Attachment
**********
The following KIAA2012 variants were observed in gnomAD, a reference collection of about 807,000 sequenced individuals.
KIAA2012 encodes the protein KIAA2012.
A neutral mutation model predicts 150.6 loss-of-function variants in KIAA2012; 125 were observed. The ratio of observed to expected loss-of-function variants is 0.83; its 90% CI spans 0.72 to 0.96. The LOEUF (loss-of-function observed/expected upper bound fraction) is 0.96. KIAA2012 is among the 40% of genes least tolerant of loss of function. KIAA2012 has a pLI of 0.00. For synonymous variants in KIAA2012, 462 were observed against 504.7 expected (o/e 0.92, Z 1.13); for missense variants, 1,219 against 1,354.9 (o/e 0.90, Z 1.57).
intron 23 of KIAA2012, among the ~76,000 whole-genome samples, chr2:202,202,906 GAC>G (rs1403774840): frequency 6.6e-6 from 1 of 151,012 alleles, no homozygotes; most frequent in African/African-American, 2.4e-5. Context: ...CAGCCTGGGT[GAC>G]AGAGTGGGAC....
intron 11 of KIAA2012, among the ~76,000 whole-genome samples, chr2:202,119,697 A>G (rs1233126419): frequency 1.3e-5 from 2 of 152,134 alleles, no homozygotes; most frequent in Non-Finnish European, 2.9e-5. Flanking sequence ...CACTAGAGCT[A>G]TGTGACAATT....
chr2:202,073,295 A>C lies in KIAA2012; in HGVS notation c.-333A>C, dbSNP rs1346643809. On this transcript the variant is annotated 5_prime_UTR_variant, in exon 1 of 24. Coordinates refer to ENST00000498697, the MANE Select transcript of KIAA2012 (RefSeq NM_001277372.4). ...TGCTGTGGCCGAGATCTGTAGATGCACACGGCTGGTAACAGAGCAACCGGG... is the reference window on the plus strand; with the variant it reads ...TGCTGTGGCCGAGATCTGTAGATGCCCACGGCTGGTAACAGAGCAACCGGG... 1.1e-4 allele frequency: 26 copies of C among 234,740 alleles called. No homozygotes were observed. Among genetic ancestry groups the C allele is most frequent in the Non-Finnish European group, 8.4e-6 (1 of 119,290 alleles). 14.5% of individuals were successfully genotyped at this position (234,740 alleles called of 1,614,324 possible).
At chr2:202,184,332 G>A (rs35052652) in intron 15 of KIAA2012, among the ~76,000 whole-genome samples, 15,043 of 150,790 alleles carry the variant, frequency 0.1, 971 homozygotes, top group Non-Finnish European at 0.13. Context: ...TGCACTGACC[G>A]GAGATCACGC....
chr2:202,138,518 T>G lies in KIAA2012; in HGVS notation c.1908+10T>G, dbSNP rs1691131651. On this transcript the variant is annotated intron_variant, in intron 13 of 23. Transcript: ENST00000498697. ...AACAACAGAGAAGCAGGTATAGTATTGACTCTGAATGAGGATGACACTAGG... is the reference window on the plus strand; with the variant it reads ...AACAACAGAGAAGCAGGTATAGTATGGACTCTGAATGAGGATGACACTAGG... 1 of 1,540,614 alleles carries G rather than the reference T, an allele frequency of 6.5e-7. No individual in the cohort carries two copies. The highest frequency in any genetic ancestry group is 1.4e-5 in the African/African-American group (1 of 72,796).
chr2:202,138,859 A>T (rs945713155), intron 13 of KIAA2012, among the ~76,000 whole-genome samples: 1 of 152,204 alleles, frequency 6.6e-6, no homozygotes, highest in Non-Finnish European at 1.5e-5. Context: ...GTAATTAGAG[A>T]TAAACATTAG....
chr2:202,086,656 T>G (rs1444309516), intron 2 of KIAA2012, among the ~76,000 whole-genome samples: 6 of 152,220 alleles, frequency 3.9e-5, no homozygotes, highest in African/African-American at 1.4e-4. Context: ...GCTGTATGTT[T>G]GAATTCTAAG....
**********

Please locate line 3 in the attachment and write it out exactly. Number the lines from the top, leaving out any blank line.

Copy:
A neutral mutation model predicts 150.6 loss-of-function variants in KIAA2012; 125 were observed. The ratio of observed to expected loss-of-function variants is 0.83; its 90% CI spans 0.72 to 0.96. The LOEUF (loss-of-function observed/expected upper bound fraction) is 0.96. KIAA2012 is among the 40% of genes least tolerant of loss of function. KIAA2012 has a pLI of 0.00. For synonymous variants in KIAA2012, 462 were observed against 504.7 expected (o/e 0.92, Z 1.13); for missense variants, 1,219 against 1,354.9 (o/e 0.90, Z 1.57).